That a nation of 11 million people, with a GDP of $6,051 per capita, is leading the effort says much of the international response. A brigade of 165 Cuban health workers arrived in Sierra Leone last week, the first batch of a total of 461. In sharp contrast, western governments have appeared more focused on stopping the epidemic at their borders than actually stemming it in west Africa. The international effort now struggling to keep ahead of the burgeoning cases might have nipped the outbreak in the bud had it come earlier.
Published on 10 October by Ministry of Foreign Affairs of Cuba
Cuba was represented ant the “Defeating Ebola in Sierra Leone” held at Lancaster House in London and co-chaired by British Minister of Foreign Affairs Philip Hammond and International Development, Justine Greening.
The Foreign Secretary highlighted that the conference was summoned to urge the international community to take immediate action in facing the disease in Sierra Leone.
Cuba, in response to an invitation by the British government was represented by Cuban Health Vice-minister Marcia Cobas Ruiz.
The conference was attended by delegates from over twenty countries and international organizations including the United Nations, WHO as well as NGOs and private companies.
Cuba participated in the conference after responding to a call by the UN and WHO by sending 165 health care professionals which joined another 23 already in Sierra Leona, totalling 188 Cuban medical and nursing staff part of a Brigade of the International Contingent Henry Reeve of Doctors Specialized Tackling Disasters and Epidemics.
American journalist and Havana resident Gail Reed spotlights a Cuban medical school that trains doctors from low-income countries who pledge to serve communities like their own.
Many of the doctors treating ebola patients in Africa were trained in Cuba. Why? In this informative talk, journalist Gail Reed spotlights a Cuban medical school that trains doctors from low-income countries -- if they pledge to serve the communities who need them most.
Published 2 October 2014 by Russia Today
"I think we are going to have to smash [Cuban President Fidel] Castro," Kissinger told President Gerald Ford at a February 25, 1976 meeting. "We probably can't do it before the [1976 presidential] elections."
"I agree," the president responded.
The exchange was the first in a series of meetings over the Cuban intervention in Angola, which led to the secretary of state laying out various contingency plans on how the US could “clobber” its southern neighbor.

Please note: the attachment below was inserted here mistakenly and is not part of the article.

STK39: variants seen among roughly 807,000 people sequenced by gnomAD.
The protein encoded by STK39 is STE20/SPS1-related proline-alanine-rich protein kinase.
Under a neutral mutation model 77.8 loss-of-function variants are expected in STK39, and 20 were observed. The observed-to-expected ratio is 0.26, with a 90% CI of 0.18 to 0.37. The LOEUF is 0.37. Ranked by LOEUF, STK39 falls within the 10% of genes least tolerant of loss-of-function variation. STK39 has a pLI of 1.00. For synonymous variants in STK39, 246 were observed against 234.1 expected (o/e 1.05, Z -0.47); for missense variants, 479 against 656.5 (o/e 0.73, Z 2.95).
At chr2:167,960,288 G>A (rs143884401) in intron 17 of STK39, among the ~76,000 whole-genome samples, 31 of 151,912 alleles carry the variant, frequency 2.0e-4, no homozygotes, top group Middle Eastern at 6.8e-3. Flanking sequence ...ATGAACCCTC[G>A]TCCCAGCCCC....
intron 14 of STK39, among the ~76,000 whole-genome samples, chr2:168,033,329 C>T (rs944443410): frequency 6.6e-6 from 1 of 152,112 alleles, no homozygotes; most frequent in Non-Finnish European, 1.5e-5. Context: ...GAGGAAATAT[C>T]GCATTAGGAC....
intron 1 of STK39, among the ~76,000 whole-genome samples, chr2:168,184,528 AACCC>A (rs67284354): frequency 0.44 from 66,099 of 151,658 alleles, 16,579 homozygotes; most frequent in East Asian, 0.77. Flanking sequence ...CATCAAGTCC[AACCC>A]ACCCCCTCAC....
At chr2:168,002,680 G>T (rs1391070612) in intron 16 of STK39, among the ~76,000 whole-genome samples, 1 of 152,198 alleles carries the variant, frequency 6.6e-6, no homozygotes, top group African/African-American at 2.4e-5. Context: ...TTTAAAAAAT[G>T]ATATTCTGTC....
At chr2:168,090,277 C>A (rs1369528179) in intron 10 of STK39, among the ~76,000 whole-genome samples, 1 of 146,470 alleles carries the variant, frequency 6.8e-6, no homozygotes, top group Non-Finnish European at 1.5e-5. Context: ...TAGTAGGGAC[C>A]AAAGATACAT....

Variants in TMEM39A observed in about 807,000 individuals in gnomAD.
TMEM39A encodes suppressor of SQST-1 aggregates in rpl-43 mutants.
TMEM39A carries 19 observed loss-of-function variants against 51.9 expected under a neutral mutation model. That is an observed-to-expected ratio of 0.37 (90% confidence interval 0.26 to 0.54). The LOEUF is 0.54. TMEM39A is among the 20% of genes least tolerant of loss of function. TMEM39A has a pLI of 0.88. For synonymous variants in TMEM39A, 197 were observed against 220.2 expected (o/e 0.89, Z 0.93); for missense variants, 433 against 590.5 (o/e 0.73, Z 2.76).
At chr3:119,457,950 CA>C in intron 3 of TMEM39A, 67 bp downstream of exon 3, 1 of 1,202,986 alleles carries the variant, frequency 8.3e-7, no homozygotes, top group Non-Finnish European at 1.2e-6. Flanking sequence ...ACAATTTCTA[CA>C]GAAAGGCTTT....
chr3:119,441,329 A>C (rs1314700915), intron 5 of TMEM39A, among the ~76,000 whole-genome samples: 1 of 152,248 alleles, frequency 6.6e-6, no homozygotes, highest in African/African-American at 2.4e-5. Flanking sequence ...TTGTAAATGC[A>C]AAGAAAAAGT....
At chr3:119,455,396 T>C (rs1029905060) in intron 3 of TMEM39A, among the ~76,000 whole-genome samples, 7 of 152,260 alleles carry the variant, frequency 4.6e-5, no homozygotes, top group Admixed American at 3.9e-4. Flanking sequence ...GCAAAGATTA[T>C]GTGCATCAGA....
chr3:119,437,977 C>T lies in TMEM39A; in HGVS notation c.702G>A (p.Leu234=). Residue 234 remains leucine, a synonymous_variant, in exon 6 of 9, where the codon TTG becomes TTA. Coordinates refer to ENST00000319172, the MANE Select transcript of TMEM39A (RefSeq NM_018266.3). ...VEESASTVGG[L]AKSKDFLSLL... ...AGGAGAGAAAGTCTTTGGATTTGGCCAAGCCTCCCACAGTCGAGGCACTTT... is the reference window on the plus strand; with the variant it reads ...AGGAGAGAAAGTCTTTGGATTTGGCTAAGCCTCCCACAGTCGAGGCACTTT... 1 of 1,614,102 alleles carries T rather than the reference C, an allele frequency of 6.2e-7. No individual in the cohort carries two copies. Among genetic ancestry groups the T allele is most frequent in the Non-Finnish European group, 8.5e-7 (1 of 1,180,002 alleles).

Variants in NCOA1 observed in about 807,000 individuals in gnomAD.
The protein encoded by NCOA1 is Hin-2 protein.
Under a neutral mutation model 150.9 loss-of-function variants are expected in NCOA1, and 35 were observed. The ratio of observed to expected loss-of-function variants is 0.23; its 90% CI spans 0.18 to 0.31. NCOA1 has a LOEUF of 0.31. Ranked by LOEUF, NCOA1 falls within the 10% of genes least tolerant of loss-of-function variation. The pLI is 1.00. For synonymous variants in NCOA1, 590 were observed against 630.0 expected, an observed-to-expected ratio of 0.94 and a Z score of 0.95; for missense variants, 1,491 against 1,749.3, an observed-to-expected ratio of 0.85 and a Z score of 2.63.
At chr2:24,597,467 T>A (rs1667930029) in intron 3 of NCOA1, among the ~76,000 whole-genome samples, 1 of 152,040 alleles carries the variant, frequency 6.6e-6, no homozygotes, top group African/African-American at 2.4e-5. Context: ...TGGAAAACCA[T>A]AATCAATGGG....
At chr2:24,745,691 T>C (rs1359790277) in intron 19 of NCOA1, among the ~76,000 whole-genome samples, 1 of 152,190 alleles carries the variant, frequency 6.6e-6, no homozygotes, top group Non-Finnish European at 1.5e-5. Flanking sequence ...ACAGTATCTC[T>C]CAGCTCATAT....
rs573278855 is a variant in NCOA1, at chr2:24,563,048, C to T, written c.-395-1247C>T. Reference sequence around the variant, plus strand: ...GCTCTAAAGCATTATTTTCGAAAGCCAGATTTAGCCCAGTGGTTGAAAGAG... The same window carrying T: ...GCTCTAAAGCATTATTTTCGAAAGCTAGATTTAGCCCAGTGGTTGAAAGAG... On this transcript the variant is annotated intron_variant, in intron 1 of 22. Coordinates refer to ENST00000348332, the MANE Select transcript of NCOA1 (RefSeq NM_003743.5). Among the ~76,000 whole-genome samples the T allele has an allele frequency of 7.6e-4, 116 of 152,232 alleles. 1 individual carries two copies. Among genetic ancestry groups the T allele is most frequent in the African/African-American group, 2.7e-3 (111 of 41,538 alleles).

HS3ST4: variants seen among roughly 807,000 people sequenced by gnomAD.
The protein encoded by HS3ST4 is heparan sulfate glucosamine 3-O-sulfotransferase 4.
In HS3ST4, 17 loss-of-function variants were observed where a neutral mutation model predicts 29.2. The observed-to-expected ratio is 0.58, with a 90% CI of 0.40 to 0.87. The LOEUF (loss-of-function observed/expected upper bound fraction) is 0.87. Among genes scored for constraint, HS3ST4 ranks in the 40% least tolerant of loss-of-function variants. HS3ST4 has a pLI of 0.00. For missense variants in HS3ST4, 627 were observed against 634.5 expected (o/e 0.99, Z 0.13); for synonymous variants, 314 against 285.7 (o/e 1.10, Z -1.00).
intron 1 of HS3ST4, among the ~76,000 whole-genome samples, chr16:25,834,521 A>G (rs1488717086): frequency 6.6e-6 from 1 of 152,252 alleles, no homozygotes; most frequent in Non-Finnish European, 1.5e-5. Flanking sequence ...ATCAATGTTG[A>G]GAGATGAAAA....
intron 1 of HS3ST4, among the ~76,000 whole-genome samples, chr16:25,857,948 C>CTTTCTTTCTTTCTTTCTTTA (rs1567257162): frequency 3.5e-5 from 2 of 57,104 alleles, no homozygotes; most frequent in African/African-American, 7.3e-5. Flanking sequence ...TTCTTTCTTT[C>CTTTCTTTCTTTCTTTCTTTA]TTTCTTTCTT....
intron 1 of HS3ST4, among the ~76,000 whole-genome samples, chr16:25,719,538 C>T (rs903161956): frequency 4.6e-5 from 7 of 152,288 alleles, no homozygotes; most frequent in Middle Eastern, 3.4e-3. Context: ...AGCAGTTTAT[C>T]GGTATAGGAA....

“I think sooner or later we have [to] crack the Cubans... even the Iranians are worried about the Cubans getting into the Middle East countries. I think we have to humiliate them,” Kissinger told Ford in a meeting on March 15, 1976. “But I think we might have to demand they get out of Africa.”
At a meeting of national security officials nine days later, Kissinger told Gen. George Brown, a member of the Joint Chiefs of Staff: "If we decide to use military power it must succeed. There should be no halfway measures.”
Published on 27/09/14 by Prensa Latina
An international workshop on the development of renewable energy sources, mainly gasification of forest biomass, will be held on Oct. 6-8, said organizers.
It is the most important project implemented by the United Nations Industrial Development Organization (Unido) in Cuba, ongoing in the special municipality of Isle of Youth, explained in a press conference Maria Tomas, commercial specialist of energy, research, development and services.
Jorge Luis Isaac, a specialist of public service firm Union Electrica de Cuba, said that the project includes the use of wind energy and the technology of gasification of forest biomass in the Isle of Youth, considered for its size as a very climate change-related vulnerable site with difficulties for energy supply.
This technique means the conversion of forest industry wastes into fuel gas through a thermochemical process to generate electricity or heat for the industry. At least 1.5 kg of biomass is needed to produce 1 kilowatt.
The project was signed in 2005 and went through several phases up to now, including the training or staff, the creation of firms to promote renewable energy sources and the transfer of technologies for the design, production and operation of forest biomass gasifiers.
To introduce this technology in Cuba, Unido donated a forest biomass gasification plant, located in Cocordilo town, in the Isle of Youth, to supply energy to a community of 80 houses and 230 inhabitants from waste generated by cleaning the forest.
The project, worth some 5.3 million USD, is supported by the Global Environment Fund under the United Nations Environment Program to implement actions to mitigate the effects of climate change and develop renewable energy sources.